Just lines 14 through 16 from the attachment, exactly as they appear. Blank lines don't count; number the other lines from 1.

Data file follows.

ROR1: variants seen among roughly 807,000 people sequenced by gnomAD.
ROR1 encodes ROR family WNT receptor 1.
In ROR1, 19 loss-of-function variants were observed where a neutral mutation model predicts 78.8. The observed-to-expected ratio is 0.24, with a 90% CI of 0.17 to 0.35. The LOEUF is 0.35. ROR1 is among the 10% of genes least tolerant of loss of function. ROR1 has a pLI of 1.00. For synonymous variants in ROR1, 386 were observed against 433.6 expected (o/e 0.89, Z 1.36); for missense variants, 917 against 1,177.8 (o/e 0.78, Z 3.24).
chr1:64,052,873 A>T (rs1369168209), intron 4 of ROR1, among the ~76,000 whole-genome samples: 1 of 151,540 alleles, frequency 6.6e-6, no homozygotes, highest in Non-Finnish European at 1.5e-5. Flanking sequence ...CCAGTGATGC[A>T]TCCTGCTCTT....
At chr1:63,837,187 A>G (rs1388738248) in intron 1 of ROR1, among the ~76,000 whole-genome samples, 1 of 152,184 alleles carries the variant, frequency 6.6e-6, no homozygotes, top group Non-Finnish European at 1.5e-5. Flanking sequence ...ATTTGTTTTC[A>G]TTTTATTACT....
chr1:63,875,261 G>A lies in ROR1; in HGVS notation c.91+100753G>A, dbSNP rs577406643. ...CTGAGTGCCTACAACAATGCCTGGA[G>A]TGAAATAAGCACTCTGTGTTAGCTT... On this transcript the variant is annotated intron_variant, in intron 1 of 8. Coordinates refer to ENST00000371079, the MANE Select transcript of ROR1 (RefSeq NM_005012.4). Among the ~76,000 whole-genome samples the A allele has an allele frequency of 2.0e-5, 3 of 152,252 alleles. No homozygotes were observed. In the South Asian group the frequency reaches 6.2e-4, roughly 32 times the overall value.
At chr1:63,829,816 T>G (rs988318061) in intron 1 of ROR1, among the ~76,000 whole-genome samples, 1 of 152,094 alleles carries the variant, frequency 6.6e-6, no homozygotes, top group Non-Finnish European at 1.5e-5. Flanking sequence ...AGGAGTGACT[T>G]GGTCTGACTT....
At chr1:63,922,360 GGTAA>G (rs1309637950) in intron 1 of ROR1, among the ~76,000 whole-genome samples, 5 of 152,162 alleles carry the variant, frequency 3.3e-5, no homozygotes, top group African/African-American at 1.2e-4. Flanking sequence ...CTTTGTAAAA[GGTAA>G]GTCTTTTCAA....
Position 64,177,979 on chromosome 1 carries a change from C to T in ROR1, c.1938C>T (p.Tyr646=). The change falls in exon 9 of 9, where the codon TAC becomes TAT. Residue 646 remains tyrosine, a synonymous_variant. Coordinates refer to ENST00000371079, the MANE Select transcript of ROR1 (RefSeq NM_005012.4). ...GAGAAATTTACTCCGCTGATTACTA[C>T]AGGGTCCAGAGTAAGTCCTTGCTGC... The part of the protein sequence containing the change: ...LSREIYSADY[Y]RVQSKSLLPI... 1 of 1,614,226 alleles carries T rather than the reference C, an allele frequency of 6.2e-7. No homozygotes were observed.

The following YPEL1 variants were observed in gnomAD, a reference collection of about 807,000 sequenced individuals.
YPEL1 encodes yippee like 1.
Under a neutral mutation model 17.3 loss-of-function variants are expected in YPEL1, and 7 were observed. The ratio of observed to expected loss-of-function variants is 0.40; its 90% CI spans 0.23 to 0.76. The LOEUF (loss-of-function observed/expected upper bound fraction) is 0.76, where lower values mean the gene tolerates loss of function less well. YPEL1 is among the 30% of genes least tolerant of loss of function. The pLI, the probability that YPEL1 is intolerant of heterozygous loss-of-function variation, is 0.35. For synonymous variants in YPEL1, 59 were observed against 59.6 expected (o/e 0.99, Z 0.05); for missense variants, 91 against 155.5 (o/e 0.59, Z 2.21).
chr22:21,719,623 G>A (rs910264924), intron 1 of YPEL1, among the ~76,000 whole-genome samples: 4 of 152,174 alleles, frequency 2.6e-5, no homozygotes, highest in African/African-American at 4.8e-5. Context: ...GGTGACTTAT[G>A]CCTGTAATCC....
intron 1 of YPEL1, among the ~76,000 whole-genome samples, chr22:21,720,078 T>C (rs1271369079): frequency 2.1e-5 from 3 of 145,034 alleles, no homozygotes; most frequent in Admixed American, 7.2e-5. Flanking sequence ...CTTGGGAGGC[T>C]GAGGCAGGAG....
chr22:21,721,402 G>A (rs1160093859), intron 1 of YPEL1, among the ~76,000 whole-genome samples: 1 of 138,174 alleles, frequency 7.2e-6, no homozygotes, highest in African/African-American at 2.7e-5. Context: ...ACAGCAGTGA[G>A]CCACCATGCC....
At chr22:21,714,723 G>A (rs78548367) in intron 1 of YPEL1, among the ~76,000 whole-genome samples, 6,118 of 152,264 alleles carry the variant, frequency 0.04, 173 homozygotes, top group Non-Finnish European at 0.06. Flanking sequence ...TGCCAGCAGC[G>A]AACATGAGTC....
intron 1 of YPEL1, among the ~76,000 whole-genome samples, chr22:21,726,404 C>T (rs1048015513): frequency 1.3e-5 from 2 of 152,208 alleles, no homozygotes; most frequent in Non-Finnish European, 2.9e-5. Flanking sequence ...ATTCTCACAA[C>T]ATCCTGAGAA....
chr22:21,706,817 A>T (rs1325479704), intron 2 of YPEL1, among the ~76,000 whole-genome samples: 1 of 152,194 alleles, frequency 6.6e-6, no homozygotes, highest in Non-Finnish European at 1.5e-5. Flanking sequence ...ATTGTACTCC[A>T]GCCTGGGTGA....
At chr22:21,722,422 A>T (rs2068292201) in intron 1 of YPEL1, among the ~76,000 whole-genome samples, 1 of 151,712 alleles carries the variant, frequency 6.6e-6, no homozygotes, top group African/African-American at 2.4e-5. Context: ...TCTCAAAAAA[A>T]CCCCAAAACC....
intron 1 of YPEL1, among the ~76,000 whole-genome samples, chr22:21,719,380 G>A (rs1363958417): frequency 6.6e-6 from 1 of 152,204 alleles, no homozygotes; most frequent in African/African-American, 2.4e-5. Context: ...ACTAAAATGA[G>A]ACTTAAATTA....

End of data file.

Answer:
intron 1 of YPEL1, among the ~76,000 whole-genome samples, chr22:21,720,078 T>C (rs1271369079): frequency 2.1e-5 from 3 of 145,034 alleles, no homozygotes; most frequent in Admixed American, 7.2e-5. Flanking sequence ...CTTGGGAGGC[T>C]GAGGCAGGAG....
chr22:21,721,402 G>A (rs1160093859), intron 1 of YPEL1, among the ~76,000 whole-genome samples: 1 of 138,174 alleles, frequency 7.2e-6, no homozygotes, highest in African/African-American at 2.7e-5. Context: ...ACAGCAGTGA[G>A]CCACCATGCC....
At chr22:21,714,723 G>A (rs78548367) in intron 1 of YPEL1, among the ~76,000 whole-genome samples, 6,118 of 152,264 alleles carry the variant, frequency 0.04, 173 homozygotes, top group Non-Finnish European at 0.06. Flanking sequence ...TGCCAGCAGC[G>A]AACATGAGTC....